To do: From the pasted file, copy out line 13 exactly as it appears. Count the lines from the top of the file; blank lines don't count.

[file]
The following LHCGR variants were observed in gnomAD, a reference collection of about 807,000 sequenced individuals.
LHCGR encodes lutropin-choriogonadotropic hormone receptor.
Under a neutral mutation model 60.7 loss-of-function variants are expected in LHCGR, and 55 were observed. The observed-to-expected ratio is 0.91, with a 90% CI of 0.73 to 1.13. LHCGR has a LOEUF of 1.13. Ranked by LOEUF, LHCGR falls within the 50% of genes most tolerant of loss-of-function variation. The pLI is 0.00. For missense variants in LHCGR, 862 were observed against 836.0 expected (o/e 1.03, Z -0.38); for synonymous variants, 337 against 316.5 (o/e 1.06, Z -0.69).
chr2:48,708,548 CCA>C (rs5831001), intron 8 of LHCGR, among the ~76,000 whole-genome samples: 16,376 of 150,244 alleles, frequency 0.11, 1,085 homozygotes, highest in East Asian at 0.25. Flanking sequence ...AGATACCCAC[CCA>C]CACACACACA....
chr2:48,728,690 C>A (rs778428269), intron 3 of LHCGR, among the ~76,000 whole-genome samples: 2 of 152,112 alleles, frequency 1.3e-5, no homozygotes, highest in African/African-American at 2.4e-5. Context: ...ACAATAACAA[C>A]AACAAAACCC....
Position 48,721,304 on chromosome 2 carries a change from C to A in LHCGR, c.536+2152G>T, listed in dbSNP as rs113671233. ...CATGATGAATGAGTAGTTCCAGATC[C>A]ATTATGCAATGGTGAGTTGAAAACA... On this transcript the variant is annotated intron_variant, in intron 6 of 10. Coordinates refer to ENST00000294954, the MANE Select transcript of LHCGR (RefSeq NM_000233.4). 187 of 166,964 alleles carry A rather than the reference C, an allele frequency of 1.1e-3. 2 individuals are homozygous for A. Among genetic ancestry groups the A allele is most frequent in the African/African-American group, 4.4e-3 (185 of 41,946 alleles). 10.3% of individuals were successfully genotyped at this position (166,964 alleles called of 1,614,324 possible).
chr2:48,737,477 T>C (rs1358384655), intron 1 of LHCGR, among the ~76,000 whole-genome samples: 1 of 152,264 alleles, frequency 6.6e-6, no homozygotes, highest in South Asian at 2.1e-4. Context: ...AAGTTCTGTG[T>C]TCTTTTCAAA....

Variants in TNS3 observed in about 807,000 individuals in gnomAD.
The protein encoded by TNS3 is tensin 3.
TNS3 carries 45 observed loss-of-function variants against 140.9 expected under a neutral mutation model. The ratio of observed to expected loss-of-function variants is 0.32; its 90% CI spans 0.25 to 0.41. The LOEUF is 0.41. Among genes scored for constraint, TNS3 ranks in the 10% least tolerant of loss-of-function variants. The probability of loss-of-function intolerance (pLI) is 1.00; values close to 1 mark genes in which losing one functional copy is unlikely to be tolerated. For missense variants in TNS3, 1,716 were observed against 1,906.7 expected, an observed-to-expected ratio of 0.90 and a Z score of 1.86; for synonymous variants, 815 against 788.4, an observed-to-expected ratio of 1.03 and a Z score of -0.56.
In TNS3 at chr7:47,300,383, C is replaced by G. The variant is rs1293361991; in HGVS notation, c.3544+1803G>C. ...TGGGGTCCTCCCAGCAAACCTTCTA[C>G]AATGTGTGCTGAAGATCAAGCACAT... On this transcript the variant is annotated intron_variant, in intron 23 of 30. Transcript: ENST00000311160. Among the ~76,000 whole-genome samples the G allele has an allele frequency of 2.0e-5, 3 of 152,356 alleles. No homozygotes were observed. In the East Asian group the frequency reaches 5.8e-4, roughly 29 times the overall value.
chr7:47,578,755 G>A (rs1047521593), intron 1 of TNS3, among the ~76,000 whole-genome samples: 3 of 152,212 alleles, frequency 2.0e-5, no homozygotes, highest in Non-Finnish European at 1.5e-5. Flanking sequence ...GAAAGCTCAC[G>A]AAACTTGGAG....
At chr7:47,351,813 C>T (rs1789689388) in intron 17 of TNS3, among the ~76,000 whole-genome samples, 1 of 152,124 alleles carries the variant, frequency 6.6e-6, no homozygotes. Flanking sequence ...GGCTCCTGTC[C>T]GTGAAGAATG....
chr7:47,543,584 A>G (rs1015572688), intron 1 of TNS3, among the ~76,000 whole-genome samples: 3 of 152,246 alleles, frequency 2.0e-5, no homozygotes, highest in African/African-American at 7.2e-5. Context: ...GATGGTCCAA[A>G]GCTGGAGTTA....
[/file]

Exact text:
At chr7:47,351,813 C>T (rs1789689388) in intron 17 of TNS3, among the ~76,000 whole-genome samples, 1 of 152,124 alleles carries the variant, frequency 6.6e-6, no homozygotes. Flanking sequence ...GGCTCCTGTC[C>T]GTGAAGAATG....